Catholic Diocese of Spokane, Washington
Official News Magazine of the Diocese of Spokane
Deacon Eric Meisfjord, Editor
P.O. Box 48, Spokane WA 99210
(509) 358-7340; FAX: (509) 358-7302
Spirituality: Not among the dead
by Father Michael Savelesky, for the Inland Register
(From the May 22, 2003 edition of the Inland Register)
Parishioners seem to be growing a bit tired of the “Happy Easter” greeting which they have been hearing at the beginning of Sunday Mass these past few weeks. The more the weeks stack up, the more I get those looks, telling me I am one brick short of a load. After all, their expressions say, Easter was April 20 – and here it is nearly the end of May!
Well … the greeting will continue this year until June 8, the Feast of Pentecost, which con-cludes the Easter season, making the Risen Lord’s outpouring of the Holy Spirit on all creation.
Some parishioners call me a “liturgical purist.” Yes, they admit, it is true that according to the Church’s liturgical calendar the Easter celebration lasts 50 days. But, they protest, either explicitly or implicitly, in our culture we celebrate special events and then get on with life. One prodding parishioner observed after Mass last weekend that even the Easter lilies have long since dropped their white bugles and the dahlias are begging for a place in the parish garden!
Following the liturgical wisdom of the Church, we believers cannot just celebrate an Easter feast day and then pack away the decorations, much like we are tempted to do at Christmas. Our entire Christian faith is based on the testimony of the Apostles and early Christians that Jesus, the crucified one, is not dead but alive! That means that he is more than a memory to commemorate each year on the first Sunday after the first full moon after the spring solstice. Faith celebrates more than memory. It celebrates reality.
I am reminded of one of my seminary classmates. Just a couple months before priestly ordination he was struggling intensely with his Christian walk of discipleship. The Resurrection of Jesus and its connection with his personal life was central to the spiritual turmoil he was enduring. Somehow the life-changing encounter of God’s saving love in Jesus, the Risen Lord, had not touched and transformed his heart and life. For my classmate, the Resurrection was a hope to which he clung like a sailor who had fallen overboard (his imagery). “All those Christians over the centuries just could not have been off base; Jesus must be risen from the dead, right?!” I remember him com-menting painfully.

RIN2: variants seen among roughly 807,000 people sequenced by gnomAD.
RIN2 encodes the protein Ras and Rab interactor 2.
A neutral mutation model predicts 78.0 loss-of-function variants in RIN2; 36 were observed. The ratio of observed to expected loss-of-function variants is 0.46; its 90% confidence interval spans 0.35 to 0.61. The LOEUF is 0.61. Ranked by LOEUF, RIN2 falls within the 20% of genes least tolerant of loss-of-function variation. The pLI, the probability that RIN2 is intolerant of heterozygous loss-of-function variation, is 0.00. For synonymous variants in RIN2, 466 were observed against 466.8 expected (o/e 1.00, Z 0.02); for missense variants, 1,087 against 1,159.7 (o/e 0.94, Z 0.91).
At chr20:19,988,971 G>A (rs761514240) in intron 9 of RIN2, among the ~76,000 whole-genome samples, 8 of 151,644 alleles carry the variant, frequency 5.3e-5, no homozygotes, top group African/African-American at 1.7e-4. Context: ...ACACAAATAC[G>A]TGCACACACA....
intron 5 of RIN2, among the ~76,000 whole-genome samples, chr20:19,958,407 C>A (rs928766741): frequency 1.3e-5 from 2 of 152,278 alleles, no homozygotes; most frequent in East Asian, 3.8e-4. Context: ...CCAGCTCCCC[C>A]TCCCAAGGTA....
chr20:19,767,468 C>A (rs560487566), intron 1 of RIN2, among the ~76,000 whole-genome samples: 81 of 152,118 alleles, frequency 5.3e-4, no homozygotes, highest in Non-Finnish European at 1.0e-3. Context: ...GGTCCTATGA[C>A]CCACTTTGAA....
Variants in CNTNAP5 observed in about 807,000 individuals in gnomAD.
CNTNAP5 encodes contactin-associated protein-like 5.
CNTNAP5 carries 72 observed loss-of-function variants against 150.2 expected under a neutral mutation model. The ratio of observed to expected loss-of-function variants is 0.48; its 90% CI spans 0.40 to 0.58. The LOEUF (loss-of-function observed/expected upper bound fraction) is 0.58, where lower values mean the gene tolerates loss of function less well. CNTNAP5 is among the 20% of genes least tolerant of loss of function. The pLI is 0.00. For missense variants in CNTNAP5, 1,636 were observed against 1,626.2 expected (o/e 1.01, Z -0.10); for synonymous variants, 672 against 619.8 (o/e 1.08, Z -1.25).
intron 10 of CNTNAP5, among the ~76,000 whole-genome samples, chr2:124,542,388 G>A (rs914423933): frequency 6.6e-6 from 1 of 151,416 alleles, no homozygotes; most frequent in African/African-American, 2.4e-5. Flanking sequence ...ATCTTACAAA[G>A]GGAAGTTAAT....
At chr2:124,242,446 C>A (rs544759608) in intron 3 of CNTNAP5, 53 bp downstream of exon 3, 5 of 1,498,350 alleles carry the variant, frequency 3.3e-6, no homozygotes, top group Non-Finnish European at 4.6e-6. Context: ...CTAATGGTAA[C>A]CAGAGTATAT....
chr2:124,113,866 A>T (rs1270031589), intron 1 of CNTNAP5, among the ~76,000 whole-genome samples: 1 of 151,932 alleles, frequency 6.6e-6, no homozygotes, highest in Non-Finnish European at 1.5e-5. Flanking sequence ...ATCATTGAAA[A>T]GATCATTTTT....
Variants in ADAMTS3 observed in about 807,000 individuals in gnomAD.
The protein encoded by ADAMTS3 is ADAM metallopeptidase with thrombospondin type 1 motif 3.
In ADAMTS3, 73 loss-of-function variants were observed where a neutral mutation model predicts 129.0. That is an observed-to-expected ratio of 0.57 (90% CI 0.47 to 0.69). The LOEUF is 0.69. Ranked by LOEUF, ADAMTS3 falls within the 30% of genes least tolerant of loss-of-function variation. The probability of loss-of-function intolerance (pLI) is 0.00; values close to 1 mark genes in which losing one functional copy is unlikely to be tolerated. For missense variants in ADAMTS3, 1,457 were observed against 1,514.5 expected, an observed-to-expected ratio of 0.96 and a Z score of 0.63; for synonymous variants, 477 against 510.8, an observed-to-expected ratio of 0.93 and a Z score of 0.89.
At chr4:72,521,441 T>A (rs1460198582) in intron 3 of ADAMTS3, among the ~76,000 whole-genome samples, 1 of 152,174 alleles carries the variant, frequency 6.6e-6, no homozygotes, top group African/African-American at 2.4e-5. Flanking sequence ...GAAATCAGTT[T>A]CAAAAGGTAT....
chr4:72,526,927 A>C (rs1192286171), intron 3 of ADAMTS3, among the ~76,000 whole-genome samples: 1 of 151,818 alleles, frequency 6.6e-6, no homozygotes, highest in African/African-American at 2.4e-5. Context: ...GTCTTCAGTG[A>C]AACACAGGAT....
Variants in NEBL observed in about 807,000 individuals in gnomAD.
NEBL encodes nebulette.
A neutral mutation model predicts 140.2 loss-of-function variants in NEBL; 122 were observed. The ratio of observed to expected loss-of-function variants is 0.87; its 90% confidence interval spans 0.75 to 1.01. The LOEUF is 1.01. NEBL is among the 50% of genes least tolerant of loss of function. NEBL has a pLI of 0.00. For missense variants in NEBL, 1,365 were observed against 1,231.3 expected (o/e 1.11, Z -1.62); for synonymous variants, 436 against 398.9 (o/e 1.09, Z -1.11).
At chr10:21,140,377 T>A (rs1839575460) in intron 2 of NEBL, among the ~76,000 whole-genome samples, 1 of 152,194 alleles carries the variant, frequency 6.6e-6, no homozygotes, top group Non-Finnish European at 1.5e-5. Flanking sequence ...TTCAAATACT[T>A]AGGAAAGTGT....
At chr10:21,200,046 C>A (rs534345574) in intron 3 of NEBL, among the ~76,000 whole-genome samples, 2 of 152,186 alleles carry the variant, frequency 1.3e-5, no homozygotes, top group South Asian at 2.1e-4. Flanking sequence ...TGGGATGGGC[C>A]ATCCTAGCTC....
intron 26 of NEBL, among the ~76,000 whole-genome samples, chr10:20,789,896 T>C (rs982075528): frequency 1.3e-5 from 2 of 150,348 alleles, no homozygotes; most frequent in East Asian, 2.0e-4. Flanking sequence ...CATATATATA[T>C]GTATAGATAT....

A later conversation with my classmate friend revealed more about his spiritual life. He believed intellectually in the Resurrection of Jesus. After all, he observed, it is a tenet of our Catholic faith. He clearly affirmed the values of the Christian moral tradition. He even was committed personally to live as a Christian, putting into play values like love, forgiveness and generosity of service. What was missing, he admitted, was the transforming power of personal experience of the Risen Lord.
We were discussing this matter with a wise old student priest. He made an observation which changed, or at least rearranged, all the pieces of the spiritual dilemma. Making reference to one of the Resurrection appearance scenes in the Gospel, he observed that the contemporary Christian tends to look for Jesus among the dead. If not among the physically dead, at least among the “dead” of the distant past. Such a mentality, he noted, is satisfied intellectually with keeping Jesus locked into the events of history. Morally speaking, it is even safer, he commented further, because a present-time real encounter with the Risen Lord may well demand a change in life-style from his followers.
There is little problem with the life, ministry and even death of Jesus of Nazareth as facts of history. The Resurrection of Jesus as witnessed and proclaimed by the early Church also can be packaged with the same bundle of facts. The Resurrection of Jesus is indeed claimed as a fact of history – a reality which happened in the historical life of the same Jesus of Nazareth. The exact date is just uncertain. The Christian, sub-sequently, seems to be left with the need to give witness to an event which happened (past tense) an increasingly long time ago.
Historical events naturally lose their impact the more time distances them from us. For example, take a look at the 1963 assassination of President Kennedy – a merely a fact of American history for contemporary generations.
The wise old priest cheerfully announced to us that Jesus not only rose from the dead (past tense) but is raised from the dead (present tense). “He is alive!” is a far more important proclamation than “He rose!” he pointed out.
The Church properly expends much energy and time each calendar year celebrating the Resurrection of Jesus because he is alive – now! Perhaps that is why so many C & E (Christmas and Easter) Christians sneak into Mass or worship service twice a year: to see if the Church does indeed still proclaim, “He is alive!” Because if Jesus is left among the dead of history, what hope and direction is there to life? One can live by principles and values – inspired by fond memories and good example – but the nagging search for a personal encounter with the face of God in truth and fullness of life calls for more.
(Father Savelesky is pastor of Assumption Parish in Spokane. His book, Catholics
Believe, is available from Harcourt Religion Publishers.)
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